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Opera time

Where songs talk

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VIJAY UPADHYAYA is the director of the Vienna Star Orchestra & Choir

What is opera? The answer is very simple - it is a play where the dialogues are not spoken but sung and the singers are the actors. Actually, the idea of singing dialogues might sound somewhat strange but, if you give it a second thought, it is not much different from Bollywood movies!

But how do we learn to appreciate an opera? It is mainly in a language we do not understand - Italian, French, German or Russian. So the first thing before listening to an opera is to go onto the net and read the synopsis of the play and the explanations to the different characters. With this preparation done, it will be easier for you to understand the different parts being sung and also follow the story. Moreover, music is a universal language and an alien tongue need not prevent you from being moved by the music and the emotion of an opera. Unfortunately, there are very few opportunities to listen to live opera in India but the internet offers a wonderful alternative.

Western music clearly defines various voices types. The female voice can be categorised as soprano (high voice range), mezzo soprano (middle voice) and alto (low voice). Male voices too have three divisions - tenor (high voice), baritone (middle voice) and bass (low voice). The natural range of the voice depends on the structure of the muscles in the larynx and a longer muscle produces a lower voice than a shorter one. Now, at first, an Indian listener might be somewhat taken aback by the quality of sound of an opera singer. This is very different from the kind of sound an Indian vocalist produces. So you have to develop a taste for this kind of singing and understand the background of Western vocal techniques and traditions. All Western classical music is performed without amplification and the opera singer trains for almost a decade so that the voice is stronger in sound than the entire orchestra! Hence, apart from the beauty of the voice, an opera singer requires an incredible amount of strength and the training often resembles sports more than arts. Good coordination is needed between the diaphragm and the pelvic muscles, which in fact is very similar to the India Chakra theory where the pelvic, throat and head chakras are directly connected;in Western classical singing they are connected through the control of breath.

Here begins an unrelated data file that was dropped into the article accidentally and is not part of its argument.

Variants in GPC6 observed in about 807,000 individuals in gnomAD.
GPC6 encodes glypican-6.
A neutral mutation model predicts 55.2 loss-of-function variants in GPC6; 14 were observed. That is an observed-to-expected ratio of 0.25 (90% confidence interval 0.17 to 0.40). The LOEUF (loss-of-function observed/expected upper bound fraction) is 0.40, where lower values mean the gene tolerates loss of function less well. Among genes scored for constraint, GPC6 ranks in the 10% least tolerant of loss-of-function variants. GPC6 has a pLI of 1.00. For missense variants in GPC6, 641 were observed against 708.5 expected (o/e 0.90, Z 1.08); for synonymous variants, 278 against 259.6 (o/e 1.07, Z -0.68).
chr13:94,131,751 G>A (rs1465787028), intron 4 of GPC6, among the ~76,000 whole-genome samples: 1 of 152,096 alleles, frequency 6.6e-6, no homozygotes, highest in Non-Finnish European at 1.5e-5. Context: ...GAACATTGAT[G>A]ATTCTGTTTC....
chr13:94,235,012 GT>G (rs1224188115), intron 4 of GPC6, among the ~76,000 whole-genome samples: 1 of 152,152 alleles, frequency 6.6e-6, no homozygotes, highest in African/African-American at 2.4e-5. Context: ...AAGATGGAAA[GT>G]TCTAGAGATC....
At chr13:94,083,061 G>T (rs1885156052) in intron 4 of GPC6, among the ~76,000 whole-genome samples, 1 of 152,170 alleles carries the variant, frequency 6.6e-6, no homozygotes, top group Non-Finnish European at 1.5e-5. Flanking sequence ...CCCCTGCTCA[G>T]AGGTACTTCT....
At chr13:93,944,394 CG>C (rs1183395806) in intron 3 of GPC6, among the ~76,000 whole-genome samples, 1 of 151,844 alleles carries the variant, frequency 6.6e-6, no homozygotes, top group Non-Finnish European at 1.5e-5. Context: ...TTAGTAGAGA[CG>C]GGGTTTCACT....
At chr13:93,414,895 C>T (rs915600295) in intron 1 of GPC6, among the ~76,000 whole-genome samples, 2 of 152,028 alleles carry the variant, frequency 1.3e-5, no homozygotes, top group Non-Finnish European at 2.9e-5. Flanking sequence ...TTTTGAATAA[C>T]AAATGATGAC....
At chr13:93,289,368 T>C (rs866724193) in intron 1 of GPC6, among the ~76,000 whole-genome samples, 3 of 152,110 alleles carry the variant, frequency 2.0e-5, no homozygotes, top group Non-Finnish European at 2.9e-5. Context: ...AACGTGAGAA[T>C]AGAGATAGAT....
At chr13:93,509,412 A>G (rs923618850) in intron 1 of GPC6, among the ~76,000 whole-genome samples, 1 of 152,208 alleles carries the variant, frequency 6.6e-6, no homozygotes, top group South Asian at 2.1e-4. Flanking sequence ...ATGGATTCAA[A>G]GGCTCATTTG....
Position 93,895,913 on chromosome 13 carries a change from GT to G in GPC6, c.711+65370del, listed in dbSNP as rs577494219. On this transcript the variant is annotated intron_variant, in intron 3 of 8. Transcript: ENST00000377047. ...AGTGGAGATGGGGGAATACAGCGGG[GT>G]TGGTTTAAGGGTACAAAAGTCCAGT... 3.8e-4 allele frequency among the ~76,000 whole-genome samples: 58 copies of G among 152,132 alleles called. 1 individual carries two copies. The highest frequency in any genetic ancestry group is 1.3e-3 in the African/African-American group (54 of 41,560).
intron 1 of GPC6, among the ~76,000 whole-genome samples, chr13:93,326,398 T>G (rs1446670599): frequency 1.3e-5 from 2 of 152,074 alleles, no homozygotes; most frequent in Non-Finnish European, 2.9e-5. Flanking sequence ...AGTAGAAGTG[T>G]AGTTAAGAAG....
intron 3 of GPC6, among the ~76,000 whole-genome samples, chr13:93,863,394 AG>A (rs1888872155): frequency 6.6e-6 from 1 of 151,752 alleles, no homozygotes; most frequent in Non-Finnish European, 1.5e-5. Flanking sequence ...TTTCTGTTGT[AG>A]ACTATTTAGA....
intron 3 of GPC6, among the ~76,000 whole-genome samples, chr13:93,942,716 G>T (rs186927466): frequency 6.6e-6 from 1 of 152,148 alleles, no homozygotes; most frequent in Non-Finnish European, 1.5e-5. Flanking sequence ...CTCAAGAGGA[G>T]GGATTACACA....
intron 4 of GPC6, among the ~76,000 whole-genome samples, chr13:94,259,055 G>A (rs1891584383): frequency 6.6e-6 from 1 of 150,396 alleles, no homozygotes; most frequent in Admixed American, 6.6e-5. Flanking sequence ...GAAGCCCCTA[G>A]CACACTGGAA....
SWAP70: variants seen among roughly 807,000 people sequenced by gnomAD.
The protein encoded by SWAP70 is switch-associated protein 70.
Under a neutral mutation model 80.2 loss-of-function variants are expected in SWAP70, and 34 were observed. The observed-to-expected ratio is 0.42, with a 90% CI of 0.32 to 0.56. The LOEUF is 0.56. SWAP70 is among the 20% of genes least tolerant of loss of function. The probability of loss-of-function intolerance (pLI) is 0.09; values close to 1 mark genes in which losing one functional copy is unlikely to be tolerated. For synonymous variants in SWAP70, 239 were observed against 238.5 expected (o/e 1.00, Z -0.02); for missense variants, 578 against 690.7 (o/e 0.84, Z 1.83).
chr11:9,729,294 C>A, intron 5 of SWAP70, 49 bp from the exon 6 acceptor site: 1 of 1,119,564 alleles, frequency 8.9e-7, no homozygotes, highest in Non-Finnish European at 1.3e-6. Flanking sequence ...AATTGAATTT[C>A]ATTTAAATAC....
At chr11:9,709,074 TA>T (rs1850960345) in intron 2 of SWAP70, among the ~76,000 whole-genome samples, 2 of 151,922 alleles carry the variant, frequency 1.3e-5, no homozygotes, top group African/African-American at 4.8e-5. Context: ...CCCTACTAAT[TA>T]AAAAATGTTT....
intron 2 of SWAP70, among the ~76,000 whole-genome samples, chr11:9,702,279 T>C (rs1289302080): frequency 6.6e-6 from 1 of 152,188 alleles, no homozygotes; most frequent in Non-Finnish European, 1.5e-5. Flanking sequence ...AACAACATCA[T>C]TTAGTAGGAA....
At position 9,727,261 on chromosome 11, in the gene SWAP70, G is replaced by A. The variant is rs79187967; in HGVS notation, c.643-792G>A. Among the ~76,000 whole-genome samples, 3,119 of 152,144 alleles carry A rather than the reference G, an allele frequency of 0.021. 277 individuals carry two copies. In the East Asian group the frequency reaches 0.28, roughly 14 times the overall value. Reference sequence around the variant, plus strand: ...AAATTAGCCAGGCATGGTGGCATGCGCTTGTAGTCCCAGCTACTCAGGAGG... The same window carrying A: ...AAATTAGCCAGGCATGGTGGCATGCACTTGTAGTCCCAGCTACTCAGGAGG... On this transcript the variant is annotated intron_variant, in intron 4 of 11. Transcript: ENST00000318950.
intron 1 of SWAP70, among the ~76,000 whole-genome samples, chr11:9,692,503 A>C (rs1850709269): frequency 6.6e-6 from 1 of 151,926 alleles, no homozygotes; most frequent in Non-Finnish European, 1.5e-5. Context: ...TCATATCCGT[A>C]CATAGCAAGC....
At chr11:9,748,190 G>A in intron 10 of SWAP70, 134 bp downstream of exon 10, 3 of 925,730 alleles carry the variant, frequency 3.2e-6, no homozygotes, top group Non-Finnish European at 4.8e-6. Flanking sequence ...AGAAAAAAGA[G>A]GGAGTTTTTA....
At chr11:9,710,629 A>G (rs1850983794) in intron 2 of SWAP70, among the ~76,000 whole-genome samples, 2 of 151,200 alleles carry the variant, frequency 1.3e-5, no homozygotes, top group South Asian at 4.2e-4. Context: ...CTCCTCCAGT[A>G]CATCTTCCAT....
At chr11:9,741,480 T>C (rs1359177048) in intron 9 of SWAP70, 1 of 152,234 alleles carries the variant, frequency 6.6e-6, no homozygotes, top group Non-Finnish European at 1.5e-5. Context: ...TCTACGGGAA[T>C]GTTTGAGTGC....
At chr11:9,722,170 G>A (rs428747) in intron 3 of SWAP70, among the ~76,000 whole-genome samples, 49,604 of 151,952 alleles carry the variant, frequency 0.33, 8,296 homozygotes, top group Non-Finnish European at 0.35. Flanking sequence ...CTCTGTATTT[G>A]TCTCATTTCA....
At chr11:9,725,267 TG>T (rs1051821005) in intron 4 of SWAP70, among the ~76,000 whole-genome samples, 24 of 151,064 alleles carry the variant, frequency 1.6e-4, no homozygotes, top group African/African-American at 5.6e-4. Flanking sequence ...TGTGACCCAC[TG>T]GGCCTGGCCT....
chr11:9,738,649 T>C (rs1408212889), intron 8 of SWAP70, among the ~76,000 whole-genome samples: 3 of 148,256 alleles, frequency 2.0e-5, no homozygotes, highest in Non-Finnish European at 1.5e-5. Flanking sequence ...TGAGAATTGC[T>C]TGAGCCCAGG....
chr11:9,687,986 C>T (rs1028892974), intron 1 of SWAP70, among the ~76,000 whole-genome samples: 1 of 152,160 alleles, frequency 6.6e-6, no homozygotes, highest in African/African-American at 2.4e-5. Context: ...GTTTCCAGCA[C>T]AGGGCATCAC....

Opera was born in Florence in the mid-16 th century and developed rapidly in the next hundred years across Europe. Austrian composer Mozart brought it to a new artistic dimension in the late 18th century and in the 19th century opera took four major directions in Europe: the Italian, Franco-German and Russian opera, with the Italian opera perhaps being the best known. When opera was at its peak at the turn of the 19th to the 20th century, there were also some opera houses in India. One of the most important ones is in Mumbai and is owned by the former maharaja of Gondal who has been wise in resisting all efforts to tear down this building in a prime quarter of the city. He is now even having the building renovated. There is a real chance that India might see regular opera performances after more than a century. This building is one of the most significant historical structures in Asia constructed for the performance of Western music.

Class notes


Here are some links to different opera styles

COMPOSER |


Georges Bizet from the opera "Carmen"

SINGER |


Agnes Baltsa (Mezzo Soprano) http:// www. youtube. com/watch?v=xlGTz0pSLS8

COMPOSER |


Giacomo Puccini from the opera "La Boheme"

SINGER |


Luciano Pavarotti (Tenor) http:// www. youtube. com/watch?v=OkHGUaB1Bs8&feature =related

COMPOSER |


Richard Strauss from the Opera "Der Rosenkavalier"

SINGER TRIO |


Elisabeth Schwarzkopf, Lucia Popp, Agnes Balsta http:// www. youtube. com/watch?v=a_GalgiVvBA&feature =related

COMPOSER |


Jaques Offenbach from "Contes d'Hoffmann "

SINGER |


Natalie Dessay (soprano) http:// www. youtube. com/watch?v=e1k5l4oiCEc

 

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